What to say when you realize that a student has noticed another student and has started those flirtatious over tones.
This one needs to be directly guided with the case manager. The case manager may have more specific interventions and has a scope wider than paraeducators when it comes to directly speaking about broaching sexual health and safety. But for the little behaviors like knocking books over, touching hair, uncontrollable giggles, or other early behaviors prior to anything that might warrant administrative discipline key conversation really needs to maintain neutrality. Students with disabilities, especially those with more severe disabilities are often ignored when it comes to interest in wanting a girlfriend or boyfriend. But the conversations need to happen just the same. And being sensitive if they are rebuffed.
- “I see you seem to like [student name]. If you want to have a positive interaction, comment about their clothes or ask about the classwork.”
- “Have you asked your classmate if they like it when you try and get their attention?”
- “I need to remind you that just because they are nice to you, that does not make them your [boyfriend or girlfriend]. You both have to agree to go out with each other. You both need permission from your parents.”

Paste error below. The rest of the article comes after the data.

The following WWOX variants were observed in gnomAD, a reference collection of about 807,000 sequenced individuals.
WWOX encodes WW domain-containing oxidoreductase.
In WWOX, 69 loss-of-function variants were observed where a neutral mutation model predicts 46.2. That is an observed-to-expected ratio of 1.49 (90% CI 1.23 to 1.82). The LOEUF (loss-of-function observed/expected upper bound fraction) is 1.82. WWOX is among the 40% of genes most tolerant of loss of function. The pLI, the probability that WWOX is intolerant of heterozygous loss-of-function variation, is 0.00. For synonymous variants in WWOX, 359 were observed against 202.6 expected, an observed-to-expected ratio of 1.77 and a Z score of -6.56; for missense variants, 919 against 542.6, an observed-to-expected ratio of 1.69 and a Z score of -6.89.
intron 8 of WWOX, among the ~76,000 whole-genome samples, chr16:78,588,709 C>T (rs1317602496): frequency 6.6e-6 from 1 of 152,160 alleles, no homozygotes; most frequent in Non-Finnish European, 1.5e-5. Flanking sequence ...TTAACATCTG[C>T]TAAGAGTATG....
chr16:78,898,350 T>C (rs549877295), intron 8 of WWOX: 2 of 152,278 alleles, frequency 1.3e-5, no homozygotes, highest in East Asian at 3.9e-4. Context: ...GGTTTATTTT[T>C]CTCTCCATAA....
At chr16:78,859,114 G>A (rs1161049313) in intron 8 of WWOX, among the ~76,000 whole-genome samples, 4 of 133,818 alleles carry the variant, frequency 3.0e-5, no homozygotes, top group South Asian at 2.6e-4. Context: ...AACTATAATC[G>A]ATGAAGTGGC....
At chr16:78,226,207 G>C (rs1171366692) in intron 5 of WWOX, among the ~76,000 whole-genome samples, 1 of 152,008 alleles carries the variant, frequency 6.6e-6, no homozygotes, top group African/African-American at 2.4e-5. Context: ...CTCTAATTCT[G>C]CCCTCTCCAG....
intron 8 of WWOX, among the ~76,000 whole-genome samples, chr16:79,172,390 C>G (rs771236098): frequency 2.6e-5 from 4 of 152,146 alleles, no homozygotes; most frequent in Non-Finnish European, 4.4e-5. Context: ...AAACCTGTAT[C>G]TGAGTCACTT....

- “Hey, the [classmate] has asked you not to touch [them/their items], you need to keep your hands to yourself.”
- “I am sorry you’re disappointed that they do not like you that way. Do you need some time to help remember that you need to be a classmate first?”
- “I am glad they like you that way, but you’re going to have to remember the school rules about what students may do on campus.”
This isn’t an easy conversation to have, but having this ready to go, especially for older students and knowing how to be sensitive without speaking down to the student, and remembering that they can often be teenagers first and students with disabilities second.
April is just a hop and skip to May. You can make it through the month.
While I have you here…
ParaEducate plans on signing off for the 2017-2018 academic school year May 31. Which is pretty much just around the corner!
One more plug!
Tomorrow is the big day! We’re excited for our friend Nicole Eredics and her book “Inclusion in Action” with modeled adaptations that is possible for every student to participate.
Do you have any comments about this week’s blog? Do you have a question for us? Would you like to be a guest blogger? Would you like to have an opportunity to pilot some materials at your campus? Find ParaEducate online here, here, here, here, and on our website. Paraeducate is a company interested in providing materials, information, and strategies for people working in special education inclusion settings for grades K-12. ParaEducate, the blog, is published weekly during the academic school year on Thursdays, unless a holiday. ParaEducate shares their findings at conferences, through their books, and their academic adaptations.